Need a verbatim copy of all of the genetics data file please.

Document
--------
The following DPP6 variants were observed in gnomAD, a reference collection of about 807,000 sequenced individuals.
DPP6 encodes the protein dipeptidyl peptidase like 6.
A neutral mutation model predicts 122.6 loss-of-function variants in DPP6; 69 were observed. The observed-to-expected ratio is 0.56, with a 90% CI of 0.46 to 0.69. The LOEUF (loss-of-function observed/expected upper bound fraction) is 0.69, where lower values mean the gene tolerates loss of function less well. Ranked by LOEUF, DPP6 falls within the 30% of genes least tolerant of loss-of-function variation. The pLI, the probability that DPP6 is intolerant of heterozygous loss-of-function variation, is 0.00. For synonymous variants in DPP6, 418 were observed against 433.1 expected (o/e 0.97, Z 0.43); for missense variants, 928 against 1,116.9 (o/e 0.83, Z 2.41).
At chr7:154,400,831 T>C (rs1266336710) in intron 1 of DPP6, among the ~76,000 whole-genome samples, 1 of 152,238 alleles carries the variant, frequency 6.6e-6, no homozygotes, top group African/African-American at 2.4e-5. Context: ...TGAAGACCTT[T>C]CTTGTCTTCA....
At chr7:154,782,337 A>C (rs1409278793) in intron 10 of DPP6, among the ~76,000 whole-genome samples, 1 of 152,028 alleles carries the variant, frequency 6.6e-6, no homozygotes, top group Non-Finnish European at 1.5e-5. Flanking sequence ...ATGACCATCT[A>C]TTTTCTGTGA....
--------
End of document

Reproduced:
The following DPP6 variants were observed in gnomAD, a reference collection of about 807,000 sequenced individuals.
DPP6 encodes the protein dipeptidyl peptidase like 6.
A neutral mutation model predicts 122.6 loss-of-function variants in DPP6; 69 were observed. The observed-to-expected ratio is 0.56, with a 90% CI of 0.46 to 0.69. The LOEUF (loss-of-function observed/expected upper bound fraction) is 0.69, where lower values mean the gene tolerates loss of function less well. Ranked by LOEUF, DPP6 falls within the 30% of genes least tolerant of loss-of-function variation. The pLI, the probability that DPP6 is intolerant of heterozygous loss-of-function variation, is 0.00. For synonymous variants in DPP6, 418 were observed against 433.1 expected (o/e 0.97, Z 0.43); for missense variants, 928 against 1,116.9 (o/e 0.83, Z 2.41).
At chr7:154,400,831 T>C (rs1266336710) in intron 1 of DPP6, among the ~76,000 whole-genome samples, 1 of 152,238 alleles carries the variant, frequency 6.6e-6, no homozygotes, top group African/African-American at 2.4e-5. Context: ...TGAAGACCTT[T>C]CTTGTCTTCA....
At chr7:154,782,337 A>C (rs1409278793) in intron 10 of DPP6, among the ~76,000 whole-genome samples, 1 of 152,028 alleles carries the variant, frequency 6.6e-6, no homozygotes, top group Non-Finnish European at 1.5e-5. Flanking sequence ...ATGACCATCT[A>C]TTTTCTGTGA....